Published in the May/June 2003 issue of Crosswalk, a newsletter from the Episcopal Diocese of Upper South Carolina. That issue is no longer available on line so I have reproduced it here. Likewise, I can't show you her photo of a completed cincture so here is the one I have in progress:
I had a neighbor take some pictures of me crocheting stitch by stitch. Take a look and see if they help. One thing that confused me in Sue's instructions is that she describes the 'stitch in the ditch' as being horizontal. As I hold the piece to work on it, the stitch is actually vertical. If you aim the hook in the trough between two raised spirals you will be able to pick up the right stitch.
Click on this photo for a slide show in which I try to demonstrate how to hold it and which stitch to pick up:
Sue Sanders instructions:
During March, I attended the Quiet Day at St. Timothy’s Episcopal Church in Columbia. My friend Cookie, who attends that church, told me that she had been going to a convent in New Jersey twice a year to attend a needlework workshop there. They make altar linens for the convent, and they learn how to repair old linen. One of the sisters taught participants how to make crocheted cinctures.
I was fascinated by the idea of crocheting a rope, so Cookie came to my house one afternoon and showed me how. One interesting thing that she did was cut off about four inches at the beginning of her “rope” so I could start mine. Cutting the cincture does not hurt it at all. It’s like a “friendship cake” that calls for sharing the “starter” with a friend to keep the receipt going. The “new” end piece will not unravel.
Cookie told me that all you have to do is look for the back hump of a single crochet – the one stitch that runs horizontally – or the “stitch in the ditch”, as the sister calls it, and then single crochet. She also told me that she was not taught how to start the cincture from scratch. Well, I’ve been crocheting many years, so I decided to play with it. I did, and found out that all you have to do is chain 6 and join with a single crochet in the beginning loop and single crochet around until you see the stitch in the ditch. I found it best to single crochet in the back of the stitch or the “hump”, which makes it easier to see the stitch in the ditch once you get going. I’ve had times that it was difficult to get the cincture started, but patience has always prevailed. You will see a tiny hole in the center of your work. This will let you know that you are doing it correctly.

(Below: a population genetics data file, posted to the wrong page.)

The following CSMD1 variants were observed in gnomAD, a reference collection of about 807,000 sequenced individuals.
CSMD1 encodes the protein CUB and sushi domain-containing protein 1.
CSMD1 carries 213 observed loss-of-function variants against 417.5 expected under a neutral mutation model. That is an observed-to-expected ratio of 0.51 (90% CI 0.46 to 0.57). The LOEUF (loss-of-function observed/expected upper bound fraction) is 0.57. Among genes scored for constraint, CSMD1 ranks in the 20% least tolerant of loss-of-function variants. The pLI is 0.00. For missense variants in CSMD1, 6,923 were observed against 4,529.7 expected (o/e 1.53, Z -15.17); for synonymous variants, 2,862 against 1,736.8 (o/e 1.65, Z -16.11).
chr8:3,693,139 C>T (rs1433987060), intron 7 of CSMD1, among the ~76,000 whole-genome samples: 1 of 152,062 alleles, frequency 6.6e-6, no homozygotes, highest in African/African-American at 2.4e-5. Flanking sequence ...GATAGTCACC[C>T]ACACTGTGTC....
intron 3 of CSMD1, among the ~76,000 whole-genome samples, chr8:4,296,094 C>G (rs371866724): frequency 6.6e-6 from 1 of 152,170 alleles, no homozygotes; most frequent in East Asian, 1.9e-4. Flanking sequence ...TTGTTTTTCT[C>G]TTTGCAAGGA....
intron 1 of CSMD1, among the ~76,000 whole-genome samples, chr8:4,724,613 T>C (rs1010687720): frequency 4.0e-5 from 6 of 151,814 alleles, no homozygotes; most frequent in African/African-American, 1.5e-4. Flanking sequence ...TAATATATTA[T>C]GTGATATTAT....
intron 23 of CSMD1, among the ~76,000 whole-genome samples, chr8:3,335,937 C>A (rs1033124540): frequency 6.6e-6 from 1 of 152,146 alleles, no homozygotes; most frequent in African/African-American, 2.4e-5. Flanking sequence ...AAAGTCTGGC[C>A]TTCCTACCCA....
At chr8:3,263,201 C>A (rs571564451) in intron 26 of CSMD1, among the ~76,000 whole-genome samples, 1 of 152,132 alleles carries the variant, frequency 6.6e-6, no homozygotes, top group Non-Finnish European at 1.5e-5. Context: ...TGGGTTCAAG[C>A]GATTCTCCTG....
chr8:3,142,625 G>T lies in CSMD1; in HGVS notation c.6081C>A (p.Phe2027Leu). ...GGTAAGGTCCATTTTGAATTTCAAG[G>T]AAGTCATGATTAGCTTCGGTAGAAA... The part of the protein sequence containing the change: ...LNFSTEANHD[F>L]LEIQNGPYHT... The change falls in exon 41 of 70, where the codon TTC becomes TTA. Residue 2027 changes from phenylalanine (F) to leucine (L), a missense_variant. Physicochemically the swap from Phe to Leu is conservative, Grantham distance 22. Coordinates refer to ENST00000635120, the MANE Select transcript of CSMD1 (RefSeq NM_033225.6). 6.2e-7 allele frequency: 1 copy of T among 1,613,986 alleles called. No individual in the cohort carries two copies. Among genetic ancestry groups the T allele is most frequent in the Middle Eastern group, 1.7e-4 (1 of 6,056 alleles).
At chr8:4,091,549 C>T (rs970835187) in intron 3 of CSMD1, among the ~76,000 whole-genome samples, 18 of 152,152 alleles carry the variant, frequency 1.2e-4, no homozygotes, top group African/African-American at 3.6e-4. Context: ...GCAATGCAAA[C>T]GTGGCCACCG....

After making five cinctures, I decided to go to the Internet and see what history there might be. One site in particular, www.newadvent.org gives a history of the cincture that goes back to the ninth century. Here are my instructions for making a cincture:
Start with one 300-yard ball of white Speed-Cro-Sheen which will make one cincture approximately 12 feet long and a size two or a size B needle. (Note: this product no longer seems to be available. I substituted DMC Senso crochet cotton.)
Chain 6, join with a single crochet in the back hump of the first chain. Do not crochet too loosely. Crochet around until you see the “stitch in the ditch”, or the one stitch that is horizontal to the rest of your work.
Crochet until the rope measures 12 feet or the desired length, depending on the size of the person you are making it for. (Most priests and chalice bearers can tell you how long the want their cinctures.)
Tie a monk’s knot in each end – not easy to do at first, unless you have the help of a seasoned sailor. From the end of the cincture, fold about a foot of the cincture up, and wind the short end around the main rope three times and bring the end back through the wound part and through the first twist, pulling it tightly and adjusting it so the very end piece doesn’t stick out too far. The monk’s know, too, gets easier with practice, in case you are not a sailor.
Sue very kindly sent me some crocheted starter pieces. I cannot start a rope from scratch. The starters make it very easy to get going. If you want one you can contact me at svhagen at verizon dot net.